Survival guide targets young musicians

Book: Performance ordeals, lack of practice time strike discordant notes in the hearts of students.

January 04, 2000|By Peter Jensen | Peter Jensen,SUN STAFF

M.H. Jennifer Yeh remembers well the clammy hands, the hot flashes, the fidgeting and the nausea that always came before a musical performance.

She never conquered the feeling totally, not even by the time she was in high school. But she discovered some strategies that helped -- like worrying less about what her teacher or audience may think and performing for her own enjoyment.

"You have to look at discouragements as hills to climb over," says Yeh, 19, a Cornell University freshman from New Freedom, Pa., who has studied piano and violin since age 7. "They are a source of motivation. You can't win every time. You have to learn to do better."

Amy Nathan, a Baltimore native and mother of two teen-age musicians, knows well what Yeh has gone through. For three years, she's been surveying beginning musicians to learn what bugs them most about their studies and collecting advice from older teen and professional musicians who remember their own youthful ordeals.

The results are to be published in mid-April as "The Young Musician's Survival Guide/Tips from Teens & Pros" (Oxford University Press, $18.95).

"Music can be a kind of lonely undertaking," says Nathan. "I thought it would be good to open things up and let kids talk to each other a bit."

An estimated 3.8 million, or 1 in 10, American children study musical instruments in elementary and middle school -- and millions more are enrolled in private study. But for many, music lessons can be a painful experience.

From stage fright to obnoxious fellow orchestra members, overbearing teachers, boring music, difficult pieces and frustration with one's abilities, the list of young musicians' complaints is not a short one.

And with children's schedules increasingly crowded with sports and other extracurricular activities, the challenge of finding enough time to practice an instrument makes it even tougher.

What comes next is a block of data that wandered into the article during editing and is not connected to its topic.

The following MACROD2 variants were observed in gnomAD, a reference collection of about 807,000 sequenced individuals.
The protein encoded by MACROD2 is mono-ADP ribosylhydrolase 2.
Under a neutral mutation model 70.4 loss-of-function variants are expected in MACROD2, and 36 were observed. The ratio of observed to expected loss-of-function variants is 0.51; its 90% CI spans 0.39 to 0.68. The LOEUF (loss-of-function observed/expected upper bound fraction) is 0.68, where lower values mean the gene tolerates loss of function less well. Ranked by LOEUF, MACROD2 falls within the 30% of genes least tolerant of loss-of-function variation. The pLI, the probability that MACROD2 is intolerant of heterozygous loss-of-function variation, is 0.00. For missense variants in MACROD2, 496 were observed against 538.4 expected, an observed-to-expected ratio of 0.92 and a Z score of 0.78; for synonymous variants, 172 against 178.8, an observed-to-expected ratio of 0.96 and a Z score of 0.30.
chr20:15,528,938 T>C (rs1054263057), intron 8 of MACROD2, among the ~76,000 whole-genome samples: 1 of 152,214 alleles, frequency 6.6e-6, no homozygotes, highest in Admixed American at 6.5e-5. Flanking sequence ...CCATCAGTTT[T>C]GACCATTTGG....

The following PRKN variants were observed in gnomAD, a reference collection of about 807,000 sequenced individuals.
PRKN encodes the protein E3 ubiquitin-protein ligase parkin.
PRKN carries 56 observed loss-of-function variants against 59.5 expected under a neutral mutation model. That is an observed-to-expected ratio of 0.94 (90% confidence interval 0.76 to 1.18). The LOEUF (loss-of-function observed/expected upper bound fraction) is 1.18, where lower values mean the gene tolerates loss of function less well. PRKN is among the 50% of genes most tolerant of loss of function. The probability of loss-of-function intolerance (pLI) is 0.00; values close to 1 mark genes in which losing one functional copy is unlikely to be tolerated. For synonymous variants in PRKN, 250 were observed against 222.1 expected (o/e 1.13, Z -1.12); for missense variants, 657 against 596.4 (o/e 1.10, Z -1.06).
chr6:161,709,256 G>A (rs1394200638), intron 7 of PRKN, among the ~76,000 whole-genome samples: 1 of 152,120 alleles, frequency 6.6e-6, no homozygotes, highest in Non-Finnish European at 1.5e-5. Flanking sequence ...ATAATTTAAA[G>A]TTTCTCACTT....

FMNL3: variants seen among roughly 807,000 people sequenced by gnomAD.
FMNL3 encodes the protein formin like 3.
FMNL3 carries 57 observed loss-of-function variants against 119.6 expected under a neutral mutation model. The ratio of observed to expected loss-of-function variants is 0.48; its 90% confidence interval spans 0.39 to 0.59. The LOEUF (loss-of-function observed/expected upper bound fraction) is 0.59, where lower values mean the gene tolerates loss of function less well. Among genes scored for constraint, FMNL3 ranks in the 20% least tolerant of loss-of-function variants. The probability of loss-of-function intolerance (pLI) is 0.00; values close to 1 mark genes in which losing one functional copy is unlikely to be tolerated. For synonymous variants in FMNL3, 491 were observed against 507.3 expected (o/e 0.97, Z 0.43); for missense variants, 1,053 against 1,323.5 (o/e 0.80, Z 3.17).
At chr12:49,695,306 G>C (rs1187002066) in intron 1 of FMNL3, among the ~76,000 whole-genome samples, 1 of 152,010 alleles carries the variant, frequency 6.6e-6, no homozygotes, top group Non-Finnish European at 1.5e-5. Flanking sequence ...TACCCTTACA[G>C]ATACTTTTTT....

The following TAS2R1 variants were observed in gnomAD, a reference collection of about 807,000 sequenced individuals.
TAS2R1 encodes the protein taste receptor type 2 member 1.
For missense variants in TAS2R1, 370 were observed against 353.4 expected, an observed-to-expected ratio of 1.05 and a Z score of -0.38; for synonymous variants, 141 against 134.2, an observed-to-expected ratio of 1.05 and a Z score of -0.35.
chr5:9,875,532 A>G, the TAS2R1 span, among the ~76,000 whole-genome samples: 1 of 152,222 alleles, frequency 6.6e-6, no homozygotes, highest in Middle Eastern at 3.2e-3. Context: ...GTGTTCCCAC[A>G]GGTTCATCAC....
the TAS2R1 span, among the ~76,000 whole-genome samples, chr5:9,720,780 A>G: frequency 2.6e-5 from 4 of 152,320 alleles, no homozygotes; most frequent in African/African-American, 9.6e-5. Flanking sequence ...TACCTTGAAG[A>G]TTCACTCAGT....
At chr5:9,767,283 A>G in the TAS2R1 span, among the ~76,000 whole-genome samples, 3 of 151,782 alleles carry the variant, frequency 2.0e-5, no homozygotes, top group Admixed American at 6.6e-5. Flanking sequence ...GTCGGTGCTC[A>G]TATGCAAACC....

"You shouldn't have to feel like you're the only one who has trouble finding time for practice or who makes mistakes," says Nathan, 54, whose son Noah, 13, plays saxophone and piano and Eric, 16, plays piano and trumpet.

Like the proverbial route to Carnegie Hall, top complaints of young musicians involved practice, practice, practice. Young students had trouble making time for it. Others found it difficult or boring and struggled to get motivated.

Nathan was surprised to find the pros had similar complaints. Andre Watts, who soloed with the New York Philharmonic at age 16, admitted to her that he often struggles with difficult piano pieces at first.

"Here, he's been doing this for so many years, and he still starts at zero," marvels Nathan. "Then one morning he wakes up and he can do it and he can't figure out why he thought he couldn't do it before."

In her survey of about 200 students she contacted through music schools such as Baltimore's Peabody Institute and teachers from across the country, the author discovered some creative solutions.

Many recommended that practice be broken into shorter periods spaced throughout the day -- perhaps 15-minute chunks -- instead of an hour or more at a sitting.

"I remember I had a piano lesson on Friday nights. It made it hard to find a balance between friends, the piano lesson, and sports," says Andrea Sematoske, 19, a bassoonist from Shrewsbury, Pa., and sophomore at Eastman School of Music in Rochester, N.Y., whom Nathan interviewed for her book.

"Music wasn't a burden," she says. "I wanted to be there, but this was Friday night. I had to reschedule it."

Others suggested using practice time to work primarily on the toughest passages and to keep the pace slow. Some wanted to remind youngsters not to get discouraged: A new piece may sound bad at first, but practice will make it better, she says.

"Some of the professionals turned out to be quite bad at practicing, too," says Nathan.

Find your musical selection boring? Ask the teacher to let you work on at least one piece you like. If you find scales boring, try practicing in different rhythms or compete with yourself to see how long you can go without a mistake.

Having trouble with an orchestra seat-mate? The students suggested that criticisms from fellow musicians be ignored and complaints you may have of fellow musicians be shared only with the section leader or conductor.

"If the guy next to you points your stand in the wrong direction, you have to learn to talk to him about the problem or get a new stand," Nathan says. "In an orchestra, you have to work on teamwork."

Performance jitters like those Yeh experienced were a common complaint. The pros suggested focusing on the music and not making a face when you do make a mistake.

"Contrary to popular belief, most people in the audience are rooting for you," Nathan recalls a veteran musician telling her. "They may even have paid money to be there. Even judges are usually on your side."

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